We are delighted to announce that Prof Frances Fowle is the new Chair of the Association for Art History. Frances holds dual positions as Professor of Nineteenth-Century Art at Edinburgh College of Art and as Senior Curator of French Art at the National Galleries of Scotland. Within her specialism of European and American nineteenth-century art, Frances’ work focuses on collecting, the art market, national identity, cultural revival and artistic networks.

This article was originally published on the Association for Art History website.

Trustee of the Association for Art History, Jo Banham, who led the search committee for the new Chair said, “We are delighted that Frances Fowle will take over as Board Chair of the Association after the very successful tenure of Christine Riding. The post attracted strong candidates; Frances’ deep experience in academia and in museums and galleries, as well as her volunteer leadership made her stand out as the right choice to lead the board and fulfil the Association’s mission to enhance the study and practice of art history in the UK.”

Frances began her career working for Sotheby’s auctioneers and, briefly, as an arts journalist. She gained her PhD at the University of Edinburgh in 1994 and has taught at the universities of Aberdeen, Glasgow and at Edinburgh College of Art. She worked in the curatorial department at Tate Britain before joining the National Galleries of Scotland in 2001 and the University of Edinburgh in 2005. From 2015-18 Frances was International Director of Edinburgh College of Art. She is currently Chair of the Burrell Collection in Glasgow and sits on the Burrell Renaissance Board. She is also a founding Board member of the International Art Market Studies Association (TIAMSA), a group leader for Art UK and is a past Chair of the Scottish Society for Art History.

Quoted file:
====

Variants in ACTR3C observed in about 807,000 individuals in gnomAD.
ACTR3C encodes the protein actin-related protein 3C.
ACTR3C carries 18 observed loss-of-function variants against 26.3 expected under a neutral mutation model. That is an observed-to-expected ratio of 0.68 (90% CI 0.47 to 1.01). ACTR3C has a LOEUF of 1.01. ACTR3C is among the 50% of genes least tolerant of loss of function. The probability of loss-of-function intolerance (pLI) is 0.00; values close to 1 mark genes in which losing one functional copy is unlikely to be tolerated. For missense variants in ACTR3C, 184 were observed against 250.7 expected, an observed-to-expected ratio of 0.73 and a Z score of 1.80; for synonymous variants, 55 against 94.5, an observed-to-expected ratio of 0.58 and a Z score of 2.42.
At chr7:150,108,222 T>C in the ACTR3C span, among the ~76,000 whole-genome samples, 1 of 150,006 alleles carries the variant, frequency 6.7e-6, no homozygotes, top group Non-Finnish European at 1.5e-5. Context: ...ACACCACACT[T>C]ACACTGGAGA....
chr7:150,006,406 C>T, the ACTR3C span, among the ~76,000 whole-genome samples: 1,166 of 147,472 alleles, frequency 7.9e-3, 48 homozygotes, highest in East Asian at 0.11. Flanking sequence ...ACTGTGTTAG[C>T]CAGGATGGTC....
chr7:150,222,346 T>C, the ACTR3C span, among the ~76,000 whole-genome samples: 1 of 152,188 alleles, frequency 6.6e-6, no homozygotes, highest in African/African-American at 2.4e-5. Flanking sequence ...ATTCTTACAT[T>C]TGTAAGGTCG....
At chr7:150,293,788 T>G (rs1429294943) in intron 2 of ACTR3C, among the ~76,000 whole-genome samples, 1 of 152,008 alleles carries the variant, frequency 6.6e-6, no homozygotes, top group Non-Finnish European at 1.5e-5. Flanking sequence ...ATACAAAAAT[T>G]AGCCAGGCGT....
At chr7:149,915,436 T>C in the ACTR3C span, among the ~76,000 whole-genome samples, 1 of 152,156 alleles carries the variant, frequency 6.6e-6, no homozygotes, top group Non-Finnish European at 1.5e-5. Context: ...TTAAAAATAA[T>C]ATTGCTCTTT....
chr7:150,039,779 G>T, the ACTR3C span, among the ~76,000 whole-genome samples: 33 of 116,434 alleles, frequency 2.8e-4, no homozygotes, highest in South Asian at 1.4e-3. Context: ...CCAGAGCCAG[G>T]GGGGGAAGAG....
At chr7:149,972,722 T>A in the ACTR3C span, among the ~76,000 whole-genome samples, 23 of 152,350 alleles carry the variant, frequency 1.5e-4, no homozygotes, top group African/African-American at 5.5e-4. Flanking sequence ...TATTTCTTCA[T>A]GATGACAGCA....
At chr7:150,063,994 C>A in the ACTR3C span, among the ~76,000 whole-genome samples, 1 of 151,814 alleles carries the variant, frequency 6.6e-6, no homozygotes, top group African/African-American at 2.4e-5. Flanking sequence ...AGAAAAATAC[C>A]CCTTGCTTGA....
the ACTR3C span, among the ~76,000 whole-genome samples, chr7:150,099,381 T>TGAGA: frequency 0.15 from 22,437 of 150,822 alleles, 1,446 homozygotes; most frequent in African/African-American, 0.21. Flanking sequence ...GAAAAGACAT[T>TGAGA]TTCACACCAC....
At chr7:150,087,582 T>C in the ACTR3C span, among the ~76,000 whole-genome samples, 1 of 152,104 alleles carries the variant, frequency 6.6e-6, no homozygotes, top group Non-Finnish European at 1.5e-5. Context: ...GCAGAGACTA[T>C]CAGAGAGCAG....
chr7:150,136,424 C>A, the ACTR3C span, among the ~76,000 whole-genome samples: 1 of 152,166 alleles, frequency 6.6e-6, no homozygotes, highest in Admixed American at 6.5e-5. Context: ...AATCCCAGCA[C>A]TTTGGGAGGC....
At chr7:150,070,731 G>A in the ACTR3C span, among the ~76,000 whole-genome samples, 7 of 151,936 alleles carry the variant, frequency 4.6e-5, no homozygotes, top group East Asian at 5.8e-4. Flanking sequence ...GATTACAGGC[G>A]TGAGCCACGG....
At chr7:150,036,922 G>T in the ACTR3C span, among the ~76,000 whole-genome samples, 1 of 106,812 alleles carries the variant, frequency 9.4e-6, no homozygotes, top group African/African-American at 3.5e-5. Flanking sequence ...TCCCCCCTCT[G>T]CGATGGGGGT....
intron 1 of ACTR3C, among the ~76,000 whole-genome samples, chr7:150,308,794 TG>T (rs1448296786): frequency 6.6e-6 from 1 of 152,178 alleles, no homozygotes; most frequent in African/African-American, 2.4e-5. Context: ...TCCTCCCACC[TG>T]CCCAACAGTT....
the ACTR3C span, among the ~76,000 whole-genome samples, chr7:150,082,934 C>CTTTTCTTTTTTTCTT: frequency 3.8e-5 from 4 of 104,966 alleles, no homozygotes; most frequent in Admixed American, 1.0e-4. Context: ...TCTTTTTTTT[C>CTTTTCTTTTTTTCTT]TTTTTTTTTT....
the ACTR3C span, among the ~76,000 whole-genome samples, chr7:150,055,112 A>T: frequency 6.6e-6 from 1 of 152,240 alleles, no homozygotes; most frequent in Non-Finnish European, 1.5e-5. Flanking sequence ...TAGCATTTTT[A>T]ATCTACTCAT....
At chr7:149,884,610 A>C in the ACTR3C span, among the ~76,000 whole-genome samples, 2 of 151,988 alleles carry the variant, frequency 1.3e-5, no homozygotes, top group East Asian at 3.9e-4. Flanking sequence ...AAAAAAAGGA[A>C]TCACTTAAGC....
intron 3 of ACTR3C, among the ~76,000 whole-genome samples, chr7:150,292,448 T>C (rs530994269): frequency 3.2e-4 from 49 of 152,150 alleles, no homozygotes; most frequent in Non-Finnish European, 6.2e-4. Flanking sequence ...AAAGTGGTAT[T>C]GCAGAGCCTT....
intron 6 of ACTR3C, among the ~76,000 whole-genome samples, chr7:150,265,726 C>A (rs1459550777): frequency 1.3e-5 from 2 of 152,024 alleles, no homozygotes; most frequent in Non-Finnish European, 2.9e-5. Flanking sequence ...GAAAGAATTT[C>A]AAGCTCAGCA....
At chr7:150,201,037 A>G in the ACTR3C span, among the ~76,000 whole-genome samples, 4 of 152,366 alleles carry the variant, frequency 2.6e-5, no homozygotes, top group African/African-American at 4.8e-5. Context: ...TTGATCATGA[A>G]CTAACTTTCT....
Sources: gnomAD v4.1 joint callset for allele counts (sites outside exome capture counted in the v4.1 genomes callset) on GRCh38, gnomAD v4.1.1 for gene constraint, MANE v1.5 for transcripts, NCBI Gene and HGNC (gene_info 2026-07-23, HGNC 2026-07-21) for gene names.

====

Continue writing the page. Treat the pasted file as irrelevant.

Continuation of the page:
On her appointment to the Chair’s post, Frances Fowle said, “As someone who has divided her career between teaching, research and curating I am honoured to take up the role of Chair of the Association for Art History. We live in a world dominated by images, and art history is more important today than ever before. As a discipline it teaches us about the world, challenges our assumptions, obliges us to adopt a critical standpoint and, ultimately, makes us more rounded human beings. This is an exciting moment to join the Association and I look forward to seeing current projects come to fruition as well as contributing to the evolving strategy of the organisation.”

The author of several books, including Impressionism and Scotland (2008) and Van Gogh’s Twin (2010), Frances is currently editing an anthology of global impressionism, to be published next year on Yale University Press’s new electronic portal. She has curated numerous international exhibitions on nineteenth-century art in collaboration with organisations such as the Van Gogh Museum, the Thyssen-Bornemisza Museum, the Finnish National Gallery, the British Museum and the Terra Foundation for American Art.

Frances also has a long history with the Association, going back to organising the 2000 Annual Conference bookfair and sitting on the editorial board of the former ‘Art Book’ from 2002-2004. More recently, she has participated in our 2019 Annual Conference and last December she spoke at our annual Careers Day in Glasgow.

As Chair of the Association for Art History Frances will lead a board of fourteen Trustees and be an ambassador for the Association’s commitment to promoting a broad and inclusive art history throughout the UK.




Related people